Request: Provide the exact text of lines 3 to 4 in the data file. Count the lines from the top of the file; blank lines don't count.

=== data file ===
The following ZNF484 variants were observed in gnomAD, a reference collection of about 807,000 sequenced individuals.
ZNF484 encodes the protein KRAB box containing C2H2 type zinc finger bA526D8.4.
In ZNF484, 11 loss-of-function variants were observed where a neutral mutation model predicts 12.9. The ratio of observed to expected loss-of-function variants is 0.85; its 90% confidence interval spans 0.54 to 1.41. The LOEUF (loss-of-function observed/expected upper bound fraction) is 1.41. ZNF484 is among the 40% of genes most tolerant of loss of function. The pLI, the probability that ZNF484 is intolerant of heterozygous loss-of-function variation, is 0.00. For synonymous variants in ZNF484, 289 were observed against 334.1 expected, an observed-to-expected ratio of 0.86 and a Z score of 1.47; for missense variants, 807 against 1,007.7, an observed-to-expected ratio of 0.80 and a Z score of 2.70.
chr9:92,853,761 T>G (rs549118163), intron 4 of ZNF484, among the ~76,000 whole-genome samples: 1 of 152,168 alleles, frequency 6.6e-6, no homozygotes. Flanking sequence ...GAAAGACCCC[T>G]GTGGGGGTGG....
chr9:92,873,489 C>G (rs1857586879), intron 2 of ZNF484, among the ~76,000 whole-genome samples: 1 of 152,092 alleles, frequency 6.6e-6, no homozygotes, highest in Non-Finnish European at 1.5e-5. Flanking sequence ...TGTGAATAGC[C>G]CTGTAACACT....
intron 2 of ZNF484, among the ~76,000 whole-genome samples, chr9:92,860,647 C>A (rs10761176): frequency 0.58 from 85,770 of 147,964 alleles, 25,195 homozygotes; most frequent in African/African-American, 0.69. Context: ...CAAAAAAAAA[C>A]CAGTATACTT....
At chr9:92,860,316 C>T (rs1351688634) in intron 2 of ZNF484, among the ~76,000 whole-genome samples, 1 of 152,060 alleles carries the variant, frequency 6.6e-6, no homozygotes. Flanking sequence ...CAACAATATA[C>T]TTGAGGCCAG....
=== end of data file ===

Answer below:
In ZNF484, 11 loss-of-function variants were observed where a neutral mutation model predicts 12.9. The ratio of observed to expected loss-of-function variants is 0.85; its 90% confidence interval spans 0.54 to 1.41. The LOEUF (loss-of-function observed/expected upper bound fraction) is 1.41. ZNF484 is among the 40% of genes most tolerant of loss of function. The pLI, the probability that ZNF484 is intolerant of heterozygous loss-of-function variation, is 0.00. For synonymous variants in ZNF484, 289 were observed against 334.1 expected, an observed-to-expected ratio of 0.86 and a Z score of 1.47; for missense variants, 807 against 1,007.7, an observed-to-expected ratio of 0.80 and a Z score of 2.70.
chr9:92,853,761 T>G (rs549118163), intron 4 of ZNF484, among the ~76,000 whole-genome samples: 1 of 152,168 alleles, frequency 6.6e-6, no homozygotes. Flanking sequence ...GAAAGACCCC[T>G]GTGGGGGTGG....